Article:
More than a week after the Guardian joined the Daily Mail and the Murdoch papers in applauding the government’s cancellation of the second part of the Leveson Inquiry, the paper still has not produced any argument to justify its position.
That is not to say that it has remained silent: its investigations editor, Nick Hopkins, its former media editor, Jane Martinson, and an occasional columnist, Roy Greenslade, have all had their say, prominently and generously. Yet not one produced a justification for what 21 media and politics academics (including me) described in a letter to the paper as a fourfold betrayal – of the victims, of the public, of its journalists and of its heritage.
The initial editorial justifying the Guardian’s stance, analysed here, did not begin to explain how a newspaper that claims to be committed to human rights, justice and constitutional conduct came to endorse the cancellation of a public inquiry into the proven wrongdoings of its own industry – a decision, moreover, that was made by a minority government in the teeth of the well-argued protests of that inquiry’s chairman and of the political parties that were partners in setting it up.
The best the Guardian’s editorial writers could muster was this: ‘. . . Leveson 2 would ultimately end up like a driver learning to steer by looking in the rear-view mirror at the road behind rather than the one ahead.’ That is an argument against any attempt to learn from the past. As the judges might put it, it is without merit.
Another meritless argument
Nick Hopkins, given centre-page space on the day after the academics’ letter in an apparent effort to shore up the Guardian’s position, only dug the hole deeper.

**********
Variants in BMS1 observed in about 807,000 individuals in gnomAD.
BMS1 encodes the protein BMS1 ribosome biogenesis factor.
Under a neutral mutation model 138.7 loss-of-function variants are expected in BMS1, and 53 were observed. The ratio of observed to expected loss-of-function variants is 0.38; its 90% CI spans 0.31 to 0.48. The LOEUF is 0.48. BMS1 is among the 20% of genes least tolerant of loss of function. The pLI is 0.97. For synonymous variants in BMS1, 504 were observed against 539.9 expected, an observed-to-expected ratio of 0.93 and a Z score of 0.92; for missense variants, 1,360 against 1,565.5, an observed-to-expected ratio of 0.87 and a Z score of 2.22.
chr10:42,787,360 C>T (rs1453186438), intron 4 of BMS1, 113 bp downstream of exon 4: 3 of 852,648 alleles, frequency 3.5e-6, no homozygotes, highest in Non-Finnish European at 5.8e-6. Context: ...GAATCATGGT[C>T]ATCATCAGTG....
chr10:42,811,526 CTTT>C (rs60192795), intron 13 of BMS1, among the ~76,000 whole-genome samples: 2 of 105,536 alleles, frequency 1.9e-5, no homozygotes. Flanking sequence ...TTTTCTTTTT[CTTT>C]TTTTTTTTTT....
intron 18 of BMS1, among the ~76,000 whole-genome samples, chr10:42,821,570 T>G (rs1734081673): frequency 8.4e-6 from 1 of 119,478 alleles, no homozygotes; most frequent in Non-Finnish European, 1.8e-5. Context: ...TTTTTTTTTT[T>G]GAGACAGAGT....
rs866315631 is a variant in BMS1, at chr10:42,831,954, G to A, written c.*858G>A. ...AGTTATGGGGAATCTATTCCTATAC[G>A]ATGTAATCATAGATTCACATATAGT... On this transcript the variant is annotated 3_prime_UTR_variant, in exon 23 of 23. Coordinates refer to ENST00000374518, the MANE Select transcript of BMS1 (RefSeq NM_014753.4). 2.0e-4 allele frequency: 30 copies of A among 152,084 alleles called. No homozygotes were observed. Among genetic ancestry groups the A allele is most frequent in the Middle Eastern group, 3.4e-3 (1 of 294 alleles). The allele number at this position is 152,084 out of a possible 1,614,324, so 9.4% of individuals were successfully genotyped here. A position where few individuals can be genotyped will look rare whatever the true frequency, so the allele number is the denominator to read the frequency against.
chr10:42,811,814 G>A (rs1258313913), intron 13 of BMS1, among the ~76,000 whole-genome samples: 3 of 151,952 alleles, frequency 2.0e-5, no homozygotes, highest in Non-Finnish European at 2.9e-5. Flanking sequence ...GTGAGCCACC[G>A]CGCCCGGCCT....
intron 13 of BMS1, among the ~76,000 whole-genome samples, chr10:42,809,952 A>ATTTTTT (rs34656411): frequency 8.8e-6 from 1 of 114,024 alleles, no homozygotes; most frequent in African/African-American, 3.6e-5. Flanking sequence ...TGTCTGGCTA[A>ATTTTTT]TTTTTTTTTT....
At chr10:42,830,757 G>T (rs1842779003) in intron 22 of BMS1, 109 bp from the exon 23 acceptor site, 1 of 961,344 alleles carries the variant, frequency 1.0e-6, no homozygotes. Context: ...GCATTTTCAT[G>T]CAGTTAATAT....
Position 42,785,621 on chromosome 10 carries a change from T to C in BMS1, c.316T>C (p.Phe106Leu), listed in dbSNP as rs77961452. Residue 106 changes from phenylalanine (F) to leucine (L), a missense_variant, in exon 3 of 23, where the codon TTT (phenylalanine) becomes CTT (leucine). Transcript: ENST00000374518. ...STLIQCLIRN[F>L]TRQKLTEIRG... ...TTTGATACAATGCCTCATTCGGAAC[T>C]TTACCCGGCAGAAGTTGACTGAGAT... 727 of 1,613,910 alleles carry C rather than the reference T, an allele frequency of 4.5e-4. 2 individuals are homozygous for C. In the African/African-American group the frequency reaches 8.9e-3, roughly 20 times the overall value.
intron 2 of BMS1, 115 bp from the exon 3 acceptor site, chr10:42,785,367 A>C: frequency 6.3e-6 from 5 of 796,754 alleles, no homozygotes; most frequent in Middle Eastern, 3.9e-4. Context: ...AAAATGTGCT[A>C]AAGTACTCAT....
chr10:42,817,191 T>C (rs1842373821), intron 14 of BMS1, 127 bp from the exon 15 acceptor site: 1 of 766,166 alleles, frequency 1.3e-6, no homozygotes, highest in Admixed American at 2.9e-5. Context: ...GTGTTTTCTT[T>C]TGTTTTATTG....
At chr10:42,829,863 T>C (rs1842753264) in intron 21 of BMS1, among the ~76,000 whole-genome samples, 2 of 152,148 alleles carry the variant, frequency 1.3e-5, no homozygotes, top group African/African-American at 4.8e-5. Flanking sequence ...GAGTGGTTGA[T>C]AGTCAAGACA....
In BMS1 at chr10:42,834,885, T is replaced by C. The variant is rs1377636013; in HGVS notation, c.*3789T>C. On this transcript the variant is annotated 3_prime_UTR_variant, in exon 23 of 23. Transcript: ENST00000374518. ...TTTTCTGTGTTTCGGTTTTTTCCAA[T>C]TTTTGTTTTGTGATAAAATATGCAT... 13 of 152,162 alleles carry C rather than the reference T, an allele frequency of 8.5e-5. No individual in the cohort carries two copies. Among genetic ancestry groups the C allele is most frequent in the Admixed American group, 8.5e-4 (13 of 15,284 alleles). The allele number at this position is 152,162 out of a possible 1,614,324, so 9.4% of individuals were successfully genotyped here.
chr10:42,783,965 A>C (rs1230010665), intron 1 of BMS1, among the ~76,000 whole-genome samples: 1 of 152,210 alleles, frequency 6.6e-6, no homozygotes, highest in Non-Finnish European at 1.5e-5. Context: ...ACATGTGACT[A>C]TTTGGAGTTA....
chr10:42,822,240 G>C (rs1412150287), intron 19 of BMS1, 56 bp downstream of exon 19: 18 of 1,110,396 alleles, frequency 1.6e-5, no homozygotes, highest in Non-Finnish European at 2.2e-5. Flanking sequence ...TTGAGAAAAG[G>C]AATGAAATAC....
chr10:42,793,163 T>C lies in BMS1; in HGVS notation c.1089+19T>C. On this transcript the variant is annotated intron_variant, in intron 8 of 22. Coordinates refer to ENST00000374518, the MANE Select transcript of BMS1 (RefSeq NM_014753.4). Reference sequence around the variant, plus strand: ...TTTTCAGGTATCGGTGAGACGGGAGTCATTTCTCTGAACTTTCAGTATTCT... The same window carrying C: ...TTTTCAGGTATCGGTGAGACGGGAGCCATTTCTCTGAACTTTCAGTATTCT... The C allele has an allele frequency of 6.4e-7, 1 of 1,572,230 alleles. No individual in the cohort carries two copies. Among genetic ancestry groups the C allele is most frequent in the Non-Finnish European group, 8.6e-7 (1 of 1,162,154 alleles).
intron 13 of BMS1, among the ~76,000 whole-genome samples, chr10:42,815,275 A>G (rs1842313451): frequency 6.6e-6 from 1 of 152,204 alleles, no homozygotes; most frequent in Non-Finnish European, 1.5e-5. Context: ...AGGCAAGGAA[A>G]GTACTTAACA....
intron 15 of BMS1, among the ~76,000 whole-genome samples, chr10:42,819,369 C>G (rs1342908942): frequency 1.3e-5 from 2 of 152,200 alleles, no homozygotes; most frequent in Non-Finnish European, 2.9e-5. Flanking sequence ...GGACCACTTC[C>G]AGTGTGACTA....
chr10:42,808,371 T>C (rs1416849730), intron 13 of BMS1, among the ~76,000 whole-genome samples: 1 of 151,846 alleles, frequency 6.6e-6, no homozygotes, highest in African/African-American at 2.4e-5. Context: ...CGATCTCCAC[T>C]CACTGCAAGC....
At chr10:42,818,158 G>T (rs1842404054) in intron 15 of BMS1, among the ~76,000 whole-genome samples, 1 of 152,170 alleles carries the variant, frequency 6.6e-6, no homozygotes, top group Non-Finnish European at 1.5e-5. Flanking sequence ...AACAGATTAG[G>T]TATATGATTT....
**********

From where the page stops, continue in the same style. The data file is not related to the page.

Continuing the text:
He wrote: ‘The casual aligning of arguments (if you oppose Leveson 2, you are betraying victims of phone hacking) has rather overshadowed the practical consequences.’ And those consequences could include ‘the strangulation of legitimate investigative journalism’.
As with the rear-view mirror, this is meritless, not least because it incorrectly and unjustifiably conflates the issue of Leveson 2 with the separate matters of Section 40 and press regulation (of which more below).
Leveson 2 is a public inquiry. Its job is to find out how so many newspapers came to be involved in large-scale criminal activity over so many years and then ‘to consider the implications for the relationships between newspaper organisations and the police, prosecuting authorities, and relevant regulatory bodies – and to recommend what actions, if any, should be taken’.
It is very hard indeed to imagine why a judge, having reviewed the history of press criminality and management failure, would recommend as a remedy the strangling of investigative journalism, and if Hopkins has any grounds to believe that is a real risk he should explain them. And it is worth remembering that even if such an improbable recommendation were made it would have to win the approval, after public debate, of both houses of Parliament, so it would remain a very distant threat.